(A) Confocal images of the organ of Corti, labeled with antisera against MYO7A, a hair cell marker, at the apical, middle and basal turns of the cochlea in Ppip5k2+/+, Ppip5k2+/K^, and Ppip5k2K^/K^ mice at P150. In WT mice, the position of dead OHCs are marked with asterisks (*), observed only in the basal turn. In contrast, significantly higher number of OHCs were missing in Ppip5k2+/K^, and Ppip5k2K^/K^ mice, which correlates with the high-frequency HL observed in these mice. Scale bar: 20μm. (B) Inner hair cells and outer hair cells were quantified in Ppip5k2+/+, Ppip5k2+/K^, and Ppip5k2K^/K^ mice at P150. For quantification purposes, organ of Corti were isolated from three different mice of each genotype, and the hair cells were counted in 200μm stretches of apical, middle and basal coil regions. No significant difference was observed for the number of IHCs. Whereas in the case of OHC number (mean ± SEM), a statistically significant (*p<0.05, **p<0.01) decrease in OHCs were observed in the basal coil of Ppip5k2+/K^, and Ppip5k2K^/K^ mice, which coincide with the high-frequency HL observed at this age in both genotypes.


This study points to the importance of PP-IP signaling and the role of the bifunctional PP-IP kinase/phosphatase, PPIP5K2, for normal mammalian inner ear function. This conclusion is based upon a novel single variant [c.2510G>A, p. (Arg837His)] in the PPIP5K2 gene that we associated with autosomal recessive, nonsyndromic, prelingual sensorineural deafness. Biochemical analyses revealed that, compared to WT human PPIP5K2, the PPIP5K2R837H variant exhibited lower phosphatase activity and higher kinase activity, indicating it promotes increased metabolic flux from 5-IP7 to IP8 in vivo. The availability of a gene-trap murine model for elevated PPIP5K2 kinase activity is consistent with the association of p.(Arg837His) with an auditory deficit.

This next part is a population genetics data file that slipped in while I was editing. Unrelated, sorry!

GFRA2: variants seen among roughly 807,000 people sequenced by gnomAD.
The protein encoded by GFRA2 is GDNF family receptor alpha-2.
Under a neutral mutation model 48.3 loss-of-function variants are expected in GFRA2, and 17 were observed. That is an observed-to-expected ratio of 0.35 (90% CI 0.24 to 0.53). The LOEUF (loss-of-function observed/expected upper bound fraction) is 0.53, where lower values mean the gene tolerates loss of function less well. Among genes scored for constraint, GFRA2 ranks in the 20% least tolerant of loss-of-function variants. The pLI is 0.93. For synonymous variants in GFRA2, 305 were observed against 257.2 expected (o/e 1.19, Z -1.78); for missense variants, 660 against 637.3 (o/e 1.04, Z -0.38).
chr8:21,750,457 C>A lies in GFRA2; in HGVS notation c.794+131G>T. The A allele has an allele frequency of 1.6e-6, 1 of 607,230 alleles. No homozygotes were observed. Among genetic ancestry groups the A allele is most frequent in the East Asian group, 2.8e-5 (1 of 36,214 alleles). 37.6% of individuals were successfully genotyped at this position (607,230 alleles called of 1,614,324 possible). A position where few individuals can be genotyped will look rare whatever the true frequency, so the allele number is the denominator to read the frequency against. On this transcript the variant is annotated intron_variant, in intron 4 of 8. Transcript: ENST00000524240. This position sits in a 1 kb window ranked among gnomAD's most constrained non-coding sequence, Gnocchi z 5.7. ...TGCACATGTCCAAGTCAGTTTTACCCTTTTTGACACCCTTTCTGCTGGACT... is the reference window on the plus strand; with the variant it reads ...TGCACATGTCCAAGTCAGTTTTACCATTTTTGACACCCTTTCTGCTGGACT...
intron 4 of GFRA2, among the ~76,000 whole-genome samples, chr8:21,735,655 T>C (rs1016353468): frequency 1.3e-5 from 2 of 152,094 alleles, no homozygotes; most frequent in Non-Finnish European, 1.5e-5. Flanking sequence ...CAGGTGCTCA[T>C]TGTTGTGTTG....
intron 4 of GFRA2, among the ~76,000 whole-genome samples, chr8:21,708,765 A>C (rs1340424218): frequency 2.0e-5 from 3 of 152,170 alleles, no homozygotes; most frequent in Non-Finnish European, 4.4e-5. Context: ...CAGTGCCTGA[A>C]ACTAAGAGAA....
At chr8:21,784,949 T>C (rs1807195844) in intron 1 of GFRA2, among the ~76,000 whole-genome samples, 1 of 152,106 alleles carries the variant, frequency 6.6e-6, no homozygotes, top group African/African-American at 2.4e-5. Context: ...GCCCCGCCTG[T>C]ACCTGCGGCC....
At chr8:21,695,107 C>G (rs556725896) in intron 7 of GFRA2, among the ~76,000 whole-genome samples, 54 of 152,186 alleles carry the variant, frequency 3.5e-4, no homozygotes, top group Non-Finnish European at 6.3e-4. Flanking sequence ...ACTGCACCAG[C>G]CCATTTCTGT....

Humans who are homozygous for the c.2510G>A variant failed transient evoked otoacoustic emission tests, indicating an outer hair cell functional defect. Thus, it is significant that, in the Ppip5k2K^/K^ mice, we found that hearing loss is associated with selective degeneration of cochlear outer hair cells. How might the latter phenomenon be promoted by elevated IP8 levels? One possibility is that hair cell loss is due to apoptosis, since previous work has shown that increased PP-IP synthesis is pro-apoptotic [33]. Another possibility emerges from recent work showing that loss of outer hair cells can result from bioenergetic imbalance [34]; the latter could also result from perturbation to PP-IP turnover and signaling [11, 12]. Deficits in vesicle trafficking and endocytosis might affect the function of the inner hair cell ribbon synapse [35, 36], and thus contribute to hearing loss observed in the Ppip5k2K^ mice.